Probably one of most well know pests that we work with everyday is mice. Of course, there are many different versions of mice….the cute cuddly “wouldn’t hurt a fly Disney movie” type, and then there is the festy, dirty, blood sucking type. The version that people have in their home, tends to be more attributed to the customers personality than the rodents themselves. We all have preconceptions, and this is no more relevant when it comes to mice than any other pest. But…..we’ve all seen the mice plague images on the new that farmers have to deal with all the time.
Cute & Cuddly
Not so much…..
No matter where you live, chances are you’ve probably had a mice problem in your home at some point. It only takes a small gap in a wall, hole in the floor, gap in a roof tile, or even someone to leave a door slightly ajar for a hungry or a cold mouse to make it’s way into the warmth and food plentiful environment of the family home. For obvious reasons, mice tend to move into warmer and drier areas during the winter months. Obviously the best way to deal with mice in the home is to stop them coming in, in the first place, by blocking entrance areas.
However they are indeed cunning littler creatures and will indeed tend to find a way in even after you’ve made it impossible for them to enter. So we thought it a good idea to look at some “humane” method of preventing, or removing mice from the family home.
Wikihow.com has some interesting strategies.
1. Keep your home clean
Many times, mice are drawn into homes on the search for food. If there is nothing to eat, mice will be less likely to stay. Keep all food stored properly in airtight containers or in places that are safe from mouse attack.
OK this is reasonable, and rather simple and obvious, Let’s look at their next tip!
2. Apply peppermint oil
Peppermint oil is a natural deterrent. The smell is simply too intense for rodents and they will not try to go near it. It also helps to mask the scent of any tasty morsels that have been missed when cleaning. It also gives the house a lovely smell, and is not toxic, unlike many synthetic chemical treatments. You can get peppermint oil in most health food stores and even some major grocery stores.
Not bad, not bad at all. Finding peppermint oil in your local supermarket or at least in your local health food store is likely. They go on to mention the best method of application is to use a cotton ball and place them near areas they might frequent, such as under the fridge, in cupboards, and garbage bin areas.
Below is a cool video and proof:
3. Use dried snake feces
Visit a local reptile center, zoo, or pet store and ask for some dried snake poo. You can also sometimes find someone who owns a pet snake. Place near entrances and in places where mice seem to go. This will keep mice away.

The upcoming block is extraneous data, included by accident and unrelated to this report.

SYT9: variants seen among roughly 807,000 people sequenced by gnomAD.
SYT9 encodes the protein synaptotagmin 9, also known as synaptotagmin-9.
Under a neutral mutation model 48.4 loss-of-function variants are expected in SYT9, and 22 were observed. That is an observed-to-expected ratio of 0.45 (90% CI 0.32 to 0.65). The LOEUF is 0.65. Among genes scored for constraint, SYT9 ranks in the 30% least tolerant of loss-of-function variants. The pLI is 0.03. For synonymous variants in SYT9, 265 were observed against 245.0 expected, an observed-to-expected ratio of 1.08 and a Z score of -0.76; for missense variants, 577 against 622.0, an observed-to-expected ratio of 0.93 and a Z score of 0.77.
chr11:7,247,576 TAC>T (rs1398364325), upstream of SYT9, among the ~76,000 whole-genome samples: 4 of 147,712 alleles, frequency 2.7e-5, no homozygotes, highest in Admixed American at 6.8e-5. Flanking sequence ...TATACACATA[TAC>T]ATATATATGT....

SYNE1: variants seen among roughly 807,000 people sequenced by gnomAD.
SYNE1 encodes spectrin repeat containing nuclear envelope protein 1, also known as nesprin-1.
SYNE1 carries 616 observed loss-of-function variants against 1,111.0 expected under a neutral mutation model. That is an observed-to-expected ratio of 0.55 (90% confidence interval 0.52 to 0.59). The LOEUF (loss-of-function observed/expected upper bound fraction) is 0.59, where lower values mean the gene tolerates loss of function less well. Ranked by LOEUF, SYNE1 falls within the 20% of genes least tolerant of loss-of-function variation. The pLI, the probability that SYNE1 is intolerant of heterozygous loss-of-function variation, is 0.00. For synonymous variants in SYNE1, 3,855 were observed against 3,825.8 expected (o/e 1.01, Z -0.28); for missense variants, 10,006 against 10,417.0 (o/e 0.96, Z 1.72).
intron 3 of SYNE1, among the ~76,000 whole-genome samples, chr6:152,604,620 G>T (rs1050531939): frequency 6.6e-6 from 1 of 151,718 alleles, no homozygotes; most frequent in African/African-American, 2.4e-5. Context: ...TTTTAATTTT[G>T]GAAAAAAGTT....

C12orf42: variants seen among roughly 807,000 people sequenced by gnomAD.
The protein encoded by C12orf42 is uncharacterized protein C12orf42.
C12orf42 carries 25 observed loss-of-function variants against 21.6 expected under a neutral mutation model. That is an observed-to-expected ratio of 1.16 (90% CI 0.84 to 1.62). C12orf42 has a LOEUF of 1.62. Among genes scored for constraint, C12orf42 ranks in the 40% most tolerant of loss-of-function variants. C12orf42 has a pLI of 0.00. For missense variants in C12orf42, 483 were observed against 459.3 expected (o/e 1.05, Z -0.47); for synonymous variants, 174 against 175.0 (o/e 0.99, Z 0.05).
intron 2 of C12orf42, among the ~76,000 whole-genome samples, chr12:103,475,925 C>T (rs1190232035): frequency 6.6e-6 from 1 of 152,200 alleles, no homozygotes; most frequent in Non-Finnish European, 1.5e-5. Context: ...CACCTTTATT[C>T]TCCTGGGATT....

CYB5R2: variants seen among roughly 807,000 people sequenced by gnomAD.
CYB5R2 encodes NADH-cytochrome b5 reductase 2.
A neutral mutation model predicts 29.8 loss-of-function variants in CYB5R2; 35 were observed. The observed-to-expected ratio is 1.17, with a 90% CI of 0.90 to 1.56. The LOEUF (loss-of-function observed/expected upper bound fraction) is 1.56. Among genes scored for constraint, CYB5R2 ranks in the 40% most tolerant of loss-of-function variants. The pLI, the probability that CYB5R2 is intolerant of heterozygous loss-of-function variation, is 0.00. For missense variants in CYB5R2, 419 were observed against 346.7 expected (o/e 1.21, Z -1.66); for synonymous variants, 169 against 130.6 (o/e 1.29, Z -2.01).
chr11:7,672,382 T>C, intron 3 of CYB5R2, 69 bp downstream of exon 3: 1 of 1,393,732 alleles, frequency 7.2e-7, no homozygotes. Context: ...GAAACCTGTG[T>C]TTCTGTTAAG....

- Be sure to keep the feces out of the reach of children and pets.
Yes your heard right……snake poop. It does however make complete sense. Snakes are the natural predator of rodents. I’m not sure about you but having 1 or 2 mice in the home might actually be preferable than having snake poop in the house, but each to their own I suppose.
An article at https://www.westernexterminator.com discusses some of the myths surrounding strategies to get rid of mice. One of the long time wifes tails is Mothballs. But do they work? According to the article it works as follows:
Place mothballs around your home in key rodent locations and hotspots such as in attics and basements. If you have spotted a nest in your home, it is suggested that you place the mothballs near the entrance.
Does it work?
Mothballs are believed to be a natural rodent repellent because they contain naphthalene, which when inhaled or ingested can cause blood cells to lose their ability to carry oxygen.
Although mothballs carry enough naphthalene to deter moths, it is not enough to repel rodents. In fact, the amount needed is the same needed to affect humans.
In some cases, the limited effect of mothballs on rodents often leads people to overuse the product, which can lead to health complications due to the levels of naphthalene in the air.
Using mothballs as a natural rodent repellent is Not Advised.
5. Ultrasonic Rodent Repeller
The next section in WesternExterminator.com also discusses the ultrasonic method.
Purchase an ultrasonic rodent repeller from your local DIY store and simply plug it into a free socket, preferably one near a rodent hotspot or entry point.
They suggest this does not work at all. There is some evidence however that they will work for a short time until they rodents work out they are not in danger.
Below is a video explaining a little more about the strategy:
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